Decreased Non–Insulin-Dependent Glucose Clearance Contributes to the Rise in Fasting Plasma Glucose in the Nondiabetic Range

  1. Rucha Jani, MD,
  2. Marjorie Molina, MD,
  3. Masafumi Matsuda, MD,
  4. Bogdan Balas, MD,
  5. Alberto Chavez, MD,
  6. Ralph A. DeFronzo, MD and
  7. Muhammad Abdul-Ghani, MD, PHD
  1. From the Division of Diabetes, University of Texas Health Science Center at San Antonio, San Antonio, Texas
  1. Address correspondence and reprint requests to Muhammad Abdul-Ghani, MD, PhD, University of Texas Health Science Center at San Antonio, Diabetes Division, 7703 Floyd Curl Dr., San Antonio, TX 78229. E-mail: albarado{at}


OBJECTIVE—To assess the contribution of decreased glucose clearance to the rise in fasting plasma glucose (FPG) in the nondiabetic range.

RESEARCH DESIGN AND METHODS—A total of 120 subjects with normal glucose tolerance received an oral glucose tolerance test and euglycemic insulin clamp with 3-[3H]glucose. The basal and insulin-stimulated rates of glucose appearance, glucose disappearance, and glucose clearance and the basal hepatic insulin resistance index were calculated. Simple Pearson's correlation was used to assess the relationship between variables.

RESULTS—The increase in FPG (range 75–125 mg/dl) correlated (r = 0.32, P < 0.0001) with the increase in BMI (20–50 kg/m2). The fasting plasma insulin (FPI) concentration also increased progressively with the increase in BMI (r = 0.62, P < 0.0001). However, despite increasing FPI, the basal glucose clearance rate declined and correlated with the increase in BMI (r = −0.56, P < 0.0001). Basal hepatic glucose production (HGP) decreased with increasing BMI (r = −0.51, P < 0.0001) and correlated inversely with the increase in FPI (r = −0.32, P < 0.0001). The hepatic insulin resistance (basal HGP × FPI) increased with rising BMI (r = 0.52, P < 0.0001). During the insulin clamp, glucose disposal declined with increasing BMI (r = −0.64, P < 0.0001) and correlated with the basal glucose clearance (r = 0.39, P < 0.0001).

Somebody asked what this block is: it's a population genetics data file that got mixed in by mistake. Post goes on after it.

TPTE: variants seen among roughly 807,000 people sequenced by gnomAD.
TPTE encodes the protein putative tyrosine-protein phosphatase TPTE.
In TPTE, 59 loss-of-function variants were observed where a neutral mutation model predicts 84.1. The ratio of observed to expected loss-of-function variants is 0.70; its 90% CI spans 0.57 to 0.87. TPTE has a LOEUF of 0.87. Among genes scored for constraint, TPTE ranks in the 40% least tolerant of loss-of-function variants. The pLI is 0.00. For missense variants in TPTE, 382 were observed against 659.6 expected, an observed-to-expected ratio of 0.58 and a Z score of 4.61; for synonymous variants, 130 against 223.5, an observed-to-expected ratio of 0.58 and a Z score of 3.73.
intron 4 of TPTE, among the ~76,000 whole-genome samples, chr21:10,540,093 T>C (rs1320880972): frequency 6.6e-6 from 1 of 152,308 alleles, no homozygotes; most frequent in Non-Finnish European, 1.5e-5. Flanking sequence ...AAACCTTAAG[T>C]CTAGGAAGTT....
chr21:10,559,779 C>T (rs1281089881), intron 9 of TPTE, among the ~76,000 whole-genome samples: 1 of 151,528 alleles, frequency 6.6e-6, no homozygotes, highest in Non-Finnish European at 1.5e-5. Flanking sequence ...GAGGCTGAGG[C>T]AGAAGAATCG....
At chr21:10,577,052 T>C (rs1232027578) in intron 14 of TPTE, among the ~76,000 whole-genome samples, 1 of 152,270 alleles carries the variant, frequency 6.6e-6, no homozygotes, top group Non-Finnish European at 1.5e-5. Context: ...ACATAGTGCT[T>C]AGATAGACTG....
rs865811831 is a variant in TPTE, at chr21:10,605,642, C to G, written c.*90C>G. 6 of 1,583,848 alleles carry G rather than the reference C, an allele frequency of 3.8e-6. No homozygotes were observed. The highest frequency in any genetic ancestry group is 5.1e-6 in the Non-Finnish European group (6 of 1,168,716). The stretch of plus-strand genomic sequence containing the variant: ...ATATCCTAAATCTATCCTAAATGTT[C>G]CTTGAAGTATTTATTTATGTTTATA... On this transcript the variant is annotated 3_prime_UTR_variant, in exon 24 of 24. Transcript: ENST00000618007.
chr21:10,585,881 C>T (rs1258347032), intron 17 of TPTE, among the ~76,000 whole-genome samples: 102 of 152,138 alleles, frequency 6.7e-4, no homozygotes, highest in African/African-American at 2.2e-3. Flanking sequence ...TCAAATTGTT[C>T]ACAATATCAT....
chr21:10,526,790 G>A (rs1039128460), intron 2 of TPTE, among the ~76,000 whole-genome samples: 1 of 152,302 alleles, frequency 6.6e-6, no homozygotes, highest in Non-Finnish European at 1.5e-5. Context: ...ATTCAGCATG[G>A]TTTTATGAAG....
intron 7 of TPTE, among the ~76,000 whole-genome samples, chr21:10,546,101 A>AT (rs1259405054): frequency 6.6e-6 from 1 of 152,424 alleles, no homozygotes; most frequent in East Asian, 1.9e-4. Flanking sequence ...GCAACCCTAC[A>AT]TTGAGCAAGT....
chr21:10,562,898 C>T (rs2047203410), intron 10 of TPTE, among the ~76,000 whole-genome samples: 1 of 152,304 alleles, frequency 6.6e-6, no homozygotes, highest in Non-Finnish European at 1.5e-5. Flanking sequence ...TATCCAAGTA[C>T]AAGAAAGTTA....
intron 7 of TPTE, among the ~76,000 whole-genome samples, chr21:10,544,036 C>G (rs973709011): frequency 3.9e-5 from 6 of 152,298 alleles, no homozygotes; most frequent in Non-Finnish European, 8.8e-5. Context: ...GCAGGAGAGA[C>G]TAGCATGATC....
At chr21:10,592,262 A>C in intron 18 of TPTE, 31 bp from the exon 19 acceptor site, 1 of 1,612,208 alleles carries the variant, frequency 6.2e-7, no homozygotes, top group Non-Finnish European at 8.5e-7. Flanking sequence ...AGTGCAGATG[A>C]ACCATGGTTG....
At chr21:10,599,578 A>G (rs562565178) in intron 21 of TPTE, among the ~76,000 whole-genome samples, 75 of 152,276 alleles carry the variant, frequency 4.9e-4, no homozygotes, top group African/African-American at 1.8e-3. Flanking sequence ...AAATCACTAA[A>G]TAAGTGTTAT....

CONCLUSIONS—These results demonstrate that in nondiabetic subjects, rising FPG is associated with a decrease (not an increase) in basal hepatic glucose production and is explained by a reduction in glucose clearance.


  • Published ahead of print at on 13 November 2007. DOI: 10.2337/dc07-1593.

    The costs of publication of this article were defrayed in part by the payment of page charges. This article must therefore be hereby marked “advertisement” in accordance with 18 U.S.C. Section 1734 solely to indicate this fact.

    • Accepted November 6, 2007.
    • Received August 13, 2007.
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  1. Diabetes Care vol. 31 no. 2 311-315
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